Whilst turning in a river port, a vessel collided with a moored barge. The vessel`s port quarter grazed the starboard bow of the barge at around 0.1 knots. Damage to the vessel was not extensive, but the cost of repairing the damage to the barge was estimated to be US$350,000.
The incident occurred when the vessel was required to turn in a smaller turning basin than usual, in which there was a barge moored alongside a terminal within the turning radius of the vessel. The estimated turning area was 290 metres across; the barge was 17 metres wide and the vessel was 244 metres long. This left a very small margin of 29 metres.
What went wrong? What were the causes?
- The vessel turned in a smaller turning basin to save time and avoid traffic whilst a barge was moored alongside an oil terminal present in the vessel’s turning radius. The original plan was to turn in a larger turning basin further up the river;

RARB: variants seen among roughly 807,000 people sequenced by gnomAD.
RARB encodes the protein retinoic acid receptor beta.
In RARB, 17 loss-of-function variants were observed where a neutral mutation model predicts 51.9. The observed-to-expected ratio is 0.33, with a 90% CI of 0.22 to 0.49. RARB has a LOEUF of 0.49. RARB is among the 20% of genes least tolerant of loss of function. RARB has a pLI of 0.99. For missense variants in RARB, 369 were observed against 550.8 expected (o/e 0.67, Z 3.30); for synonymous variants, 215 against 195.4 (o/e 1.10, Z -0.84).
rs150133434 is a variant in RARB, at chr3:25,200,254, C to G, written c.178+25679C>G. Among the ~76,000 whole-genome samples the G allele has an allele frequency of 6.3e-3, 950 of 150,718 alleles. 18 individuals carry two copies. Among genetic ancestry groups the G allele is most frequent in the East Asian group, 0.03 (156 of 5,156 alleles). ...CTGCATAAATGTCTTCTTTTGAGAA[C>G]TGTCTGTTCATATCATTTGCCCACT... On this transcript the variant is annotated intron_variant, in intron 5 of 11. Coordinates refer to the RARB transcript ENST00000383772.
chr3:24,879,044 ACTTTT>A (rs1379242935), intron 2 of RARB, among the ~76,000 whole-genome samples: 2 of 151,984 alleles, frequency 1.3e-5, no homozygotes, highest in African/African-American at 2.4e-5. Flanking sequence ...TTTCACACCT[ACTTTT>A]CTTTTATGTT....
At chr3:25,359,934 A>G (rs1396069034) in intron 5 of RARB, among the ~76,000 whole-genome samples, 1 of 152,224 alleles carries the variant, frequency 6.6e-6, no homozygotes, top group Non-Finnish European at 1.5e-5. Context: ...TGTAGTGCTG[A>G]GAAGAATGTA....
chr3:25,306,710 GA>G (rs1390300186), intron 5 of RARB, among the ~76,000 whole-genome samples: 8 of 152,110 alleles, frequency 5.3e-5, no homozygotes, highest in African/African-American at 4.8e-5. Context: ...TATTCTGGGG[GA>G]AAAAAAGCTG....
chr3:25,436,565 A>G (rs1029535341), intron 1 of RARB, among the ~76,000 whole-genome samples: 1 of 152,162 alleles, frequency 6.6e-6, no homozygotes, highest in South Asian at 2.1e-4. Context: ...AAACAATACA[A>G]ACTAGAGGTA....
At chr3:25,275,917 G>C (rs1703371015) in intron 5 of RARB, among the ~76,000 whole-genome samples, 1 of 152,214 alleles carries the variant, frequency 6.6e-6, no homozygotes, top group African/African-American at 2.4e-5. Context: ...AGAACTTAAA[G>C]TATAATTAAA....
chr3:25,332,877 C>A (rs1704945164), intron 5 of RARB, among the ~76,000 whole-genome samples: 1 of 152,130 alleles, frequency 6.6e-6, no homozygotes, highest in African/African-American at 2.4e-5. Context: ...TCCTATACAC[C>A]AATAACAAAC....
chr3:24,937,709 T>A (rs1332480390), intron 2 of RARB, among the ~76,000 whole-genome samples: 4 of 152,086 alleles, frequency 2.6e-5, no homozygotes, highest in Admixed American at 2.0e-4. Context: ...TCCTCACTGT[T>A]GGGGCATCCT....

- The bridge team did not challenge the Pilot`s orders or intervene;
- Risk seen as tolerable: the deviation from the current voyage plan for pilotage waters was based on pilot’s advice only and not properly assessed by the bridge team as it ought to have been;
- Complacency: the vessel crew had turned their vessel here before on several occasions, and had two pilots present on the bridge;
- Inadequate supervision: there was misjudgement of vessel movement, external forces (wind, current) and of the clearance to the barge.
What lessons were learned?
- Better communication with the Pilot and with mooring teams, regarding turning ranges to the shore/bank of the river and other vessels alongside the berth before starting turn;
- Avoid turning where there is only marginally enough room;
- Be more fully aware of vessel manoeuvring characteristics and inform the Pilot accordingly.
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